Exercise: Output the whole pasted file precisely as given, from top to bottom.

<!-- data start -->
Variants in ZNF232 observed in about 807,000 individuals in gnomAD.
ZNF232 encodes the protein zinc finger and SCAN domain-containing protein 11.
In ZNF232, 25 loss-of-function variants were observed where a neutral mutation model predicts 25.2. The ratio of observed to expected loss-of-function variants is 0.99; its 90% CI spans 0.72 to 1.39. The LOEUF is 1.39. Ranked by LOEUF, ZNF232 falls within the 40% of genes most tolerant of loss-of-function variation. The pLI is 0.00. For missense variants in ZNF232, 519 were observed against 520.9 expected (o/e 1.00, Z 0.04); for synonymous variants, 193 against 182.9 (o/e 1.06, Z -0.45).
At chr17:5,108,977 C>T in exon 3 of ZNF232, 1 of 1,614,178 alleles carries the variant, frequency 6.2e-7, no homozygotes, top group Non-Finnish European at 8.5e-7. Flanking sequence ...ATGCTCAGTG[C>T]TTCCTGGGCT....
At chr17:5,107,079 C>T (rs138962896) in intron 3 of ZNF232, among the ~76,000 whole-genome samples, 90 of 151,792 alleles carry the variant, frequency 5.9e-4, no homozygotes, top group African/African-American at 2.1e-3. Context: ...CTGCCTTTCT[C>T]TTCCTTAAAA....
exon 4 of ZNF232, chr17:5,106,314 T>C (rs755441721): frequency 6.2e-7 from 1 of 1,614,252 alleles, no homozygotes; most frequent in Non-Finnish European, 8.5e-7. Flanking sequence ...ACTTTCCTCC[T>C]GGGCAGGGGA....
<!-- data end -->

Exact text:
Variants in ZNF232 observed in about 807,000 individuals in gnomAD.
ZNF232 encodes the protein zinc finger and SCAN domain-containing protein 11.
In ZNF232, 25 loss-of-function variants were observed where a neutral mutation model predicts 25.2. The ratio of observed to expected loss-of-function variants is 0.99; its 90% CI spans 0.72 to 1.39. The LOEUF is 1.39. Ranked by LOEUF, ZNF232 falls within the 40% of genes most tolerant of loss-of-function variation. The pLI is 0.00. For missense variants in ZNF232, 519 were observed against 520.9 expected (o/e 1.00, Z 0.04); for synonymous variants, 193 against 182.9 (o/e 1.06, Z -0.45).
At chr17:5,108,977 C>T in exon 3 of ZNF232, 1 of 1,614,178 alleles carries the variant, frequency 6.2e-7, no homozygotes, top group Non-Finnish European at 8.5e-7. Flanking sequence ...ATGCTCAGTG[C>T]TTCCTGGGCT....
At chr17:5,107,079 C>T (rs138962896) in intron 3 of ZNF232, among the ~76,000 whole-genome samples, 90 of 151,792 alleles carry the variant, frequency 5.9e-4, no homozygotes, top group African/African-American at 2.1e-3. Context: ...CTGCCTTTCT[C>T]TTCCTTAAAA....
exon 4 of ZNF232, chr17:5,106,314 T>C (rs755441721): frequency 6.2e-7 from 1 of 1,614,252 alleles, no homozygotes; most frequent in Non-Finnish European, 8.5e-7. Flanking sequence ...ACTTTCCTCC[T>C]GGGCAGGGGA....